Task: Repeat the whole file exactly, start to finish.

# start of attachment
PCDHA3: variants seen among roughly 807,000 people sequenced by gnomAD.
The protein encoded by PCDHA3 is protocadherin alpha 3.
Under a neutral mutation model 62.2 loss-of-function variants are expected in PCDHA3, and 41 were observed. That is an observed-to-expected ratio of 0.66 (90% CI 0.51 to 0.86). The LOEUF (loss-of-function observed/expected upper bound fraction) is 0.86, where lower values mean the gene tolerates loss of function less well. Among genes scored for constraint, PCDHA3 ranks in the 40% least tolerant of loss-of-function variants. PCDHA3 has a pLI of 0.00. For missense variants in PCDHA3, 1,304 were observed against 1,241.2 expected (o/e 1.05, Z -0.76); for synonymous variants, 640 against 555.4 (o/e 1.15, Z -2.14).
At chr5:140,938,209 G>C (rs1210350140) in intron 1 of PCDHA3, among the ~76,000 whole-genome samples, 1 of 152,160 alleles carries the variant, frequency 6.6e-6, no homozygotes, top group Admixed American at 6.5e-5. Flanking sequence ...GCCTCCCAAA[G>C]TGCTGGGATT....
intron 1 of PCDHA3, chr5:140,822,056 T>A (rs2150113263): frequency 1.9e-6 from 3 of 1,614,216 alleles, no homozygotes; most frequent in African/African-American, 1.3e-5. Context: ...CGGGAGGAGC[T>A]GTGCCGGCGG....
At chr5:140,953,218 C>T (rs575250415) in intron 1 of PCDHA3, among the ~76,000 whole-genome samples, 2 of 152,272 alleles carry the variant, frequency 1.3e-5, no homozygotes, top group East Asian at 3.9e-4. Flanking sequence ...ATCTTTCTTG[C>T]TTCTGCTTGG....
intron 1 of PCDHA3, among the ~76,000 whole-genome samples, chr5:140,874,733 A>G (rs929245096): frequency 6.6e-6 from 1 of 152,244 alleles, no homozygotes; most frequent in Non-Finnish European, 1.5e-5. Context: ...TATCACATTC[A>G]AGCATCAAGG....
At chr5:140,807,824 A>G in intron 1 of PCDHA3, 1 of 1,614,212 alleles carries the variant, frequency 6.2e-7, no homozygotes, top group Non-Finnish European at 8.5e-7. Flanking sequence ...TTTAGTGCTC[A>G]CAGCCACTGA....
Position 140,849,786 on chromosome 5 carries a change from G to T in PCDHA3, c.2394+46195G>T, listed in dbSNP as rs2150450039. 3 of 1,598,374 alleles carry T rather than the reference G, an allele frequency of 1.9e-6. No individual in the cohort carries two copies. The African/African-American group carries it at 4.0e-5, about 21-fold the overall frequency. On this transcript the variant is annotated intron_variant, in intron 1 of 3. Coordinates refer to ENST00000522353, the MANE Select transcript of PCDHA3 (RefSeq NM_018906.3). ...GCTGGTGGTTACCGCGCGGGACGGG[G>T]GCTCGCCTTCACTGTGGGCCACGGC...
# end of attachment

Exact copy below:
PCDHA3: variants seen among roughly 807,000 people sequenced by gnomAD.
The protein encoded by PCDHA3 is protocadherin alpha 3.
Under a neutral mutation model 62.2 loss-of-function variants are expected in PCDHA3, and 41 were observed. That is an observed-to-expected ratio of 0.66 (90% CI 0.51 to 0.86). The LOEUF (loss-of-function observed/expected upper bound fraction) is 0.86, where lower values mean the gene tolerates loss of function less well. Among genes scored for constraint, PCDHA3 ranks in the 40% least tolerant of loss-of-function variants. PCDHA3 has a pLI of 0.00. For missense variants in PCDHA3, 1,304 were observed against 1,241.2 expected (o/e 1.05, Z -0.76); for synonymous variants, 640 against 555.4 (o/e 1.15, Z -2.14).
At chr5:140,938,209 G>C (rs1210350140) in intron 1 of PCDHA3, among the ~76,000 whole-genome samples, 1 of 152,160 alleles carries the variant, frequency 6.6e-6, no homozygotes, top group Admixed American at 6.5e-5. Flanking sequence ...GCCTCCCAAA[G>C]TGCTGGGATT....
intron 1 of PCDHA3, chr5:140,822,056 T>A (rs2150113263): frequency 1.9e-6 from 3 of 1,614,216 alleles, no homozygotes; most frequent in African/African-American, 1.3e-5. Context: ...CGGGAGGAGC[T>A]GTGCCGGCGG....
At chr5:140,953,218 C>T (rs575250415) in intron 1 of PCDHA3, among the ~76,000 whole-genome samples, 2 of 152,272 alleles carry the variant, frequency 1.3e-5, no homozygotes, top group East Asian at 3.9e-4. Flanking sequence ...ATCTTTCTTG[C>T]TTCTGCTTGG....
intron 1 of PCDHA3, among the ~76,000 whole-genome samples, chr5:140,874,733 A>G (rs929245096): frequency 6.6e-6 from 1 of 152,244 alleles, no homozygotes; most frequent in Non-Finnish European, 1.5e-5. Context: ...TATCACATTC[A>G]AGCATCAAGG....
At chr5:140,807,824 A>G in intron 1 of PCDHA3, 1 of 1,614,212 alleles carries the variant, frequency 6.2e-7, no homozygotes, top group Non-Finnish European at 8.5e-7. Flanking sequence ...TTTAGTGCTC[A>G]CAGCCACTGA....
Position 140,849,786 on chromosome 5 carries a change from G to T in PCDHA3, c.2394+46195G>T, listed in dbSNP as rs2150450039. 3 of 1,598,374 alleles carry T rather than the reference G, an allele frequency of 1.9e-6. No individual in the cohort carries two copies. The African/African-American group carries it at 4.0e-5, about 21-fold the overall frequency. On this transcript the variant is annotated intron_variant, in intron 1 of 3. Coordinates refer to ENST00000522353, the MANE Select transcript of PCDHA3 (RefSeq NM_018906.3). ...GCTGGTGGTTACCGCGCGGGACGGG[G>T]GCTCGCCTTCACTGTGGGCCACGGC...